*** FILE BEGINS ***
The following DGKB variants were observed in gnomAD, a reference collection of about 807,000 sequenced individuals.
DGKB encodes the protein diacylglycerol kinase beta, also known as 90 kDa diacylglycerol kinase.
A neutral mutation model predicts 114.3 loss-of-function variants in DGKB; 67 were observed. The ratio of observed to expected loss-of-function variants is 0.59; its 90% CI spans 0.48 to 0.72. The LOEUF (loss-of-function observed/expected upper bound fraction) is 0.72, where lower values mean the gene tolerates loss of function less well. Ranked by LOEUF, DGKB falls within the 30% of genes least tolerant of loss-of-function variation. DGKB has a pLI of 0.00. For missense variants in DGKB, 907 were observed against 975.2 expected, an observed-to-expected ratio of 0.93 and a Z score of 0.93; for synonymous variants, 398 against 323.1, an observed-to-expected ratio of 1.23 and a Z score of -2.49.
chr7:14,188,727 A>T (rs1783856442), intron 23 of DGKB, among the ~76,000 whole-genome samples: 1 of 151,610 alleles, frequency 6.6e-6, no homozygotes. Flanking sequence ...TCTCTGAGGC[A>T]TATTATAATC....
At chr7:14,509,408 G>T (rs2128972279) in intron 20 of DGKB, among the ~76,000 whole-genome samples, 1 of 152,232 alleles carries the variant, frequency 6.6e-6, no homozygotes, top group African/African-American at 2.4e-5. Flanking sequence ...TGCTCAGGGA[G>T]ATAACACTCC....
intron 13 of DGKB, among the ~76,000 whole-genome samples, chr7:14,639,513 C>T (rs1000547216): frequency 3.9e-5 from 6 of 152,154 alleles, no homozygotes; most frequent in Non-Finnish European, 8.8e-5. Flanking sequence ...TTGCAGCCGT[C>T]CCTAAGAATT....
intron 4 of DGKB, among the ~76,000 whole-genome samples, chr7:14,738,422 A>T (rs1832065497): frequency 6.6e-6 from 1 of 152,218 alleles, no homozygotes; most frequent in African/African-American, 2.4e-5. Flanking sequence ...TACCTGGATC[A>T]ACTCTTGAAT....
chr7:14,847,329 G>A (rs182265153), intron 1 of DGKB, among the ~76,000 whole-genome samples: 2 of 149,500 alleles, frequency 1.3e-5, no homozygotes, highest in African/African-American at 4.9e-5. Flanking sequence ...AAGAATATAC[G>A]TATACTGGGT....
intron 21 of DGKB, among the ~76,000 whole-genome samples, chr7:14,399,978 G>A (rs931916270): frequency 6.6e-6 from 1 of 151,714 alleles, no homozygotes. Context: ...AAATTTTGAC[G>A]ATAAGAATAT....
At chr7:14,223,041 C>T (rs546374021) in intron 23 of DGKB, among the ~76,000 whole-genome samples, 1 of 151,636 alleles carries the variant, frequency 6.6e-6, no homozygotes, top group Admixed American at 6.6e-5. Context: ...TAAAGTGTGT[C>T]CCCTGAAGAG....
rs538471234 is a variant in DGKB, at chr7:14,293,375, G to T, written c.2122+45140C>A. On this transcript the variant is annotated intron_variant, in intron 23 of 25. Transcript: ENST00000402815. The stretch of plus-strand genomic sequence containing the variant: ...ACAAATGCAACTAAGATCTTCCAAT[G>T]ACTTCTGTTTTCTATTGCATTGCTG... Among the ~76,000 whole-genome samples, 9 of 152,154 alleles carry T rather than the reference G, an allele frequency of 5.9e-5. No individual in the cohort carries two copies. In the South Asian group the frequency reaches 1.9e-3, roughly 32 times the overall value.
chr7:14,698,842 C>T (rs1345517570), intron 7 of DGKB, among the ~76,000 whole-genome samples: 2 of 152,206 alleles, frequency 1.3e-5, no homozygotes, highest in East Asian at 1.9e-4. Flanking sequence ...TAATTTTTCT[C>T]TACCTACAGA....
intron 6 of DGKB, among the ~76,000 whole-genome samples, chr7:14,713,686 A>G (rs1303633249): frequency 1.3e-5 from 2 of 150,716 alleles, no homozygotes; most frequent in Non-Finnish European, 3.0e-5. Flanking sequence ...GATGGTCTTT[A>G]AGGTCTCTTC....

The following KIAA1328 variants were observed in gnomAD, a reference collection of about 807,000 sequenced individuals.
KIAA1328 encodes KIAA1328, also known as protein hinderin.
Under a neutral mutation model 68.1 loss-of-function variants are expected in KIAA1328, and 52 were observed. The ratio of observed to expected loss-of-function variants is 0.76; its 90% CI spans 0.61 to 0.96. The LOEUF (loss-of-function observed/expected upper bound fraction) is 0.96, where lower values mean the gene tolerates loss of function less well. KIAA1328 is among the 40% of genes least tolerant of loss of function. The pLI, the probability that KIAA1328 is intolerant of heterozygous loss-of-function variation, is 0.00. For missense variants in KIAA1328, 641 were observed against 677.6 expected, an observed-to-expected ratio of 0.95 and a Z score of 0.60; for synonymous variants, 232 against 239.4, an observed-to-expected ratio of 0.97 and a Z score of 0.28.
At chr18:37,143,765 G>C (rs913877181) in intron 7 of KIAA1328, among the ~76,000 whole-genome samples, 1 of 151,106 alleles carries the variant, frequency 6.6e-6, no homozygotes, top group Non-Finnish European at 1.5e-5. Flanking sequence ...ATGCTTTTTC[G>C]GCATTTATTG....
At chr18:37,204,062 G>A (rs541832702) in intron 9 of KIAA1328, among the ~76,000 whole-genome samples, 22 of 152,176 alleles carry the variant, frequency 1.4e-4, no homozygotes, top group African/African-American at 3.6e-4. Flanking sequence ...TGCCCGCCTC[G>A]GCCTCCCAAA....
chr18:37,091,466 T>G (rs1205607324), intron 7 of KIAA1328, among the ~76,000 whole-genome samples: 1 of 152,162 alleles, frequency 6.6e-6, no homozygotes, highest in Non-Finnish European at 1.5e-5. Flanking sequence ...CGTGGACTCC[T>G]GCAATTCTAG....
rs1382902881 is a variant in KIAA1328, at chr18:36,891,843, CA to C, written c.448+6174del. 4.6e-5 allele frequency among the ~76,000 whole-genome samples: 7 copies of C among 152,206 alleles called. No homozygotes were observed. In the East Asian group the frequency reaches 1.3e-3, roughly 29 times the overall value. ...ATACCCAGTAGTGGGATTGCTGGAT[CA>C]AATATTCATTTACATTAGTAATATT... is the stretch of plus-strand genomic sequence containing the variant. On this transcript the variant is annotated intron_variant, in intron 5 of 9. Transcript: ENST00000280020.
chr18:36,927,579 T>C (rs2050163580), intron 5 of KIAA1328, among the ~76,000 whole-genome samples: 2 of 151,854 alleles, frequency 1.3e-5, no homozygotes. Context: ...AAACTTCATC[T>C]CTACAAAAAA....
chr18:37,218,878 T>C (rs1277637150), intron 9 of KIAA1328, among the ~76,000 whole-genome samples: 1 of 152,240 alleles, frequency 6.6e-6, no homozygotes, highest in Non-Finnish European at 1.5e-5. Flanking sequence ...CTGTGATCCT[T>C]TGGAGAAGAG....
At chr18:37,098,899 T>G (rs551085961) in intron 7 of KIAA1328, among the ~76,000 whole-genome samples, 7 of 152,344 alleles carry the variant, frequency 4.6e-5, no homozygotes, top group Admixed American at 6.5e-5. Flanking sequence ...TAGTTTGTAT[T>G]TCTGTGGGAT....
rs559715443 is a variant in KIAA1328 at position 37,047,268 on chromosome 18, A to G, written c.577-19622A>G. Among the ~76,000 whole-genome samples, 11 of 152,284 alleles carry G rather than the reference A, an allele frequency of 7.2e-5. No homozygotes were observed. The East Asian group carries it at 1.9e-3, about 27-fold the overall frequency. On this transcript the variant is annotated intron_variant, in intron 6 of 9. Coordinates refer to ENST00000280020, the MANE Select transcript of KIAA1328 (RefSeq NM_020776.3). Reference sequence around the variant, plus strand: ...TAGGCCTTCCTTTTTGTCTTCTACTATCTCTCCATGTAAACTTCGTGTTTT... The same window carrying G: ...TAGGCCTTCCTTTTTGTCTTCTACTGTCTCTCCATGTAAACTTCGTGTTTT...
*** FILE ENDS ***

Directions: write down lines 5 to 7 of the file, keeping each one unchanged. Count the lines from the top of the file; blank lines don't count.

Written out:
At chr7:14,509,408 G>T (rs2128972279) in intron 20 of DGKB, among the ~76,000 whole-genome samples, 1 of 152,232 alleles carries the variant, frequency 6.6e-6, no homozygotes, top group African/African-American at 2.4e-5. Flanking sequence ...TGCTCAGGGA[G>T]ATAACACTCC....
intron 13 of DGKB, among the ~76,000 whole-genome samples, chr7:14,639,513 C>T (rs1000547216): frequency 3.9e-5 from 6 of 152,154 alleles, no homozygotes; most frequent in Non-Finnish European, 8.8e-5. Flanking sequence ...TTGCAGCCGT[C>T]CCTAAGAATT....
intron 4 of DGKB, among the ~76,000 whole-genome samples, chr7:14,738,422 A>T (rs1832065497): frequency 6.6e-6 from 1 of 152,218 alleles, no homozygotes; most frequent in African/African-American, 2.4e-5. Flanking sequence ...TACCTGGATC[A>T]ACTCTTGAAT....